Global markets and electronic trading have created a world where stock prices never sleep. Somewhere in the world, stocks are always being traded.
CNBC guide to money and markets
CNBC with Jeff Wuorio.
New York : Wiley, 2002.
From CNBC, the recognized leader in financial market news, comes the most complete and accessible guide to your money and how it relates to the financial markets. CNBC Guide to Money and Markets shows you how to choose and use a variety of investment vehicles to build a powerful and diverse portfolio. With a glossary of terms and set of frequently asked questions, this indispensable investing primer demystifies complex concepts and terminology so you can make smarter investment choices. CNBC Guide to Money and Markets explores: Identifying goals and your risk level in developing an investment program Various strategies for selecting winning stocks Choosing the right bonds and cost-effective mutual funds How futures and options work When to use stable investments such as CDs, Treasury bills, and money market accounts Utilizing traditional and Roth IRAs, 401(k)s, and 403(b)s Filled with professional advice, proven investment tools, and colorful graphs and charts, CNBC Guide to Money and Markets is perfect to use in conjunction with CNBC financial programs or as a stand-alone investing guide. Pick up CNBC Guide to Money and Markets and start building a financial plan that will carry you to the peak of personal financial success.
The 100 best mutual funds you can buy 2002
Gordon K. Williamson.
Holbrook, Mass. : Adams Media, c2002.
Following an introduction to mutual funds, a California investment counselor who directs a professional education program for financial consultants rates his current top 100 funds by investment type. Appendices further detail decision parameters and trends. Annotation copyrighted by Book News, Inc., Portland, OR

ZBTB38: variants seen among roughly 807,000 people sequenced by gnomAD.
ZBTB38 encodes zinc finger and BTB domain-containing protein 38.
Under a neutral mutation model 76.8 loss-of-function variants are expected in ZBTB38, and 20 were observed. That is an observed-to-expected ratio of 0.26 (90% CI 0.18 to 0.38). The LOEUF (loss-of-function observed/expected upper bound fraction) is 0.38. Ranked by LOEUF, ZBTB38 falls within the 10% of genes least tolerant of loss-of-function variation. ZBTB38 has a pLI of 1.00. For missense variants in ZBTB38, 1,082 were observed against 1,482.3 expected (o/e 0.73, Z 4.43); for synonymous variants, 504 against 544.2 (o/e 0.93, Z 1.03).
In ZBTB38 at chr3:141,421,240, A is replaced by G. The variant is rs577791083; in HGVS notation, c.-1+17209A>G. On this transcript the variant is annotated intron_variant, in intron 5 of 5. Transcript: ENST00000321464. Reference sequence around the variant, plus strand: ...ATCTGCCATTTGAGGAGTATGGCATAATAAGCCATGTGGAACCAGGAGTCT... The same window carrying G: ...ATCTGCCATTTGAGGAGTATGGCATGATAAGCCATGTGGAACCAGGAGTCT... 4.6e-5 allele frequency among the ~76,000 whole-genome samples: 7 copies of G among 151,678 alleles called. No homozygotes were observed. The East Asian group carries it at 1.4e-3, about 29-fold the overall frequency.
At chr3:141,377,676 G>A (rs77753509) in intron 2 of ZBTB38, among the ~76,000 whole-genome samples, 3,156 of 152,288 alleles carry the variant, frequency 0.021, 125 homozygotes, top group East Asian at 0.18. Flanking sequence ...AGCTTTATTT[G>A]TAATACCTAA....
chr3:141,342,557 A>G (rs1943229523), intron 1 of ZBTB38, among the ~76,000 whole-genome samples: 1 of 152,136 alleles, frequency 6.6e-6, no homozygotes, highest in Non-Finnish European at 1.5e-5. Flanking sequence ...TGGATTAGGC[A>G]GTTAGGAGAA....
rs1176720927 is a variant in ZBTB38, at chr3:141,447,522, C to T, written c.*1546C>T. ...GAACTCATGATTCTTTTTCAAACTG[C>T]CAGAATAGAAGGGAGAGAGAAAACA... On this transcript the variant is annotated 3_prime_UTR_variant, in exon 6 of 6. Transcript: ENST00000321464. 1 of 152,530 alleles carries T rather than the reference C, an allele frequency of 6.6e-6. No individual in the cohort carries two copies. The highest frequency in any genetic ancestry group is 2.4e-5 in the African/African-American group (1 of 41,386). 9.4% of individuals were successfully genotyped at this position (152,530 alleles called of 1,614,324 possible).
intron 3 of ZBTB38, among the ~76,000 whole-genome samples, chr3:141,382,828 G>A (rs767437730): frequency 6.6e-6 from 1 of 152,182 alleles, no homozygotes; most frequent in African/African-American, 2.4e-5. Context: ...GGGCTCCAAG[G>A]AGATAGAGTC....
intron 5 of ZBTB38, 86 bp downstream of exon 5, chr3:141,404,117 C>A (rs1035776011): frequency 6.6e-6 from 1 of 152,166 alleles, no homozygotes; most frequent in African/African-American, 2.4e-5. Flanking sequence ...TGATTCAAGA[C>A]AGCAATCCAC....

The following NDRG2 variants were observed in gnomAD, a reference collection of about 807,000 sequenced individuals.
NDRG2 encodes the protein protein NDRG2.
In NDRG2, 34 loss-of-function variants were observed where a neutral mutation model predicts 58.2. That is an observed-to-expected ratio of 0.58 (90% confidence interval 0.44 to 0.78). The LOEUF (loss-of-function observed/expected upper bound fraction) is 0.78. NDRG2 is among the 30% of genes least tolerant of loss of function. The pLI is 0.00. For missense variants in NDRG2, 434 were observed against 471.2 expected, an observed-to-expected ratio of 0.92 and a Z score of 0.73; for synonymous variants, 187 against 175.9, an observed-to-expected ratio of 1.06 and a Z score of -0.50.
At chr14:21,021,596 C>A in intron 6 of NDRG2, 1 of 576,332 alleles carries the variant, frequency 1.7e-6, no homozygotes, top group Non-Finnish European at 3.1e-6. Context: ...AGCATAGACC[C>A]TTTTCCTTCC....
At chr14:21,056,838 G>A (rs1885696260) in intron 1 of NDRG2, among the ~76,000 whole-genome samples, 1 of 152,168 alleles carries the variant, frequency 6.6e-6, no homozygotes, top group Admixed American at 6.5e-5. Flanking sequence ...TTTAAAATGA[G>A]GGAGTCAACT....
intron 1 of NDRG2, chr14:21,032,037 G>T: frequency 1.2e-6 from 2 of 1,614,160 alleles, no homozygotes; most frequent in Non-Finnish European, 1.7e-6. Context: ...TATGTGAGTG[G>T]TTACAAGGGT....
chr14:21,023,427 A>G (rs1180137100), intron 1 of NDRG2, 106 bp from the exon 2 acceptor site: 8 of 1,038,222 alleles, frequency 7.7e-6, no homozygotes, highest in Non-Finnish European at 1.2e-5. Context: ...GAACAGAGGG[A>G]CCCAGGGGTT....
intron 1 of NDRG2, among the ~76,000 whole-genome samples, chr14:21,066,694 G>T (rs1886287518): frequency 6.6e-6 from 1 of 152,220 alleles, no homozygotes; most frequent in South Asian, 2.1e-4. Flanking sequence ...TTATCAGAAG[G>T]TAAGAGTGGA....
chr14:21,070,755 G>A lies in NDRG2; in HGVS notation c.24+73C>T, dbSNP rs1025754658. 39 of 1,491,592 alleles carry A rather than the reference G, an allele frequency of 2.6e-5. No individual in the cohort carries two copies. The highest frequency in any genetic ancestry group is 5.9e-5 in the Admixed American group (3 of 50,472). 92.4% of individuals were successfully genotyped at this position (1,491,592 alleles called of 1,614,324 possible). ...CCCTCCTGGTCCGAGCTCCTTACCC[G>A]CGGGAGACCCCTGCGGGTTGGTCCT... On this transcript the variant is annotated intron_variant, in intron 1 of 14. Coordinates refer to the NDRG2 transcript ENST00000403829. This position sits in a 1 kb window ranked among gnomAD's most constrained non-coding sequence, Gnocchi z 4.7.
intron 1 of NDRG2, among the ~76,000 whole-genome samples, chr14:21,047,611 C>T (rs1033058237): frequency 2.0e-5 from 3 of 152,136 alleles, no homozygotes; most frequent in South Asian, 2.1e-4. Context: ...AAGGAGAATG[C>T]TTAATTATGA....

Money talk : from alphabet stock to the naked sale--the words and phrases that control your money
New York : Hyperion, c2001.
A dictionary of financial terms for the same "small" investors who might have seen Spurge discussing personal finance on CNN and CNBC. The definitions, examples, and illustrations are written in plain language with the aim of demystifying Wall Street's "two-dollar terminology." "With a little common sense and the right translation," Spurge writes, "all of us can master our financial lives." Annotation copyrighted by Book News Inc., Portland, OR
Buying a share of stock in a corporation makes you a shareholder or investor in that company. For investors, a general rule is that when a company has higher profits, then investors make money. This is done through dividend payments. However, timing is everything when trying to make money in the stock market. Knowing when to buy and when to sell is crucial.
Market trends sometimes last a long time, even years. They tend to fall quickly and rise slowly. A rising period is referred to as a bull market. A bear market is a falling market. It is wise to learn the performances of the major stock exchanges around the globe before you invest your money.
There are unofficially four tiers of stocks in the market.
- Blue chip stocks are the elite, older generation stocks--companies that have always performed strongly.
- Next, are secondary issues. These companies have achieved a little less investor confidence than the blue chips.
- Thirdly, are growth stocks. Generally growth stocks are relatively young companies with grown potential, but no assurance of success.
- Finally, there are penny stocks. Such stocks are considered the long-shots in providing a large dividend. They virtually have no value other than their speculative potential.
Remember no investment is ever risk free. Losses are always possible. Research and planning need to always be thought of in advance of any investment.
Article by: St. Louis Public Library staff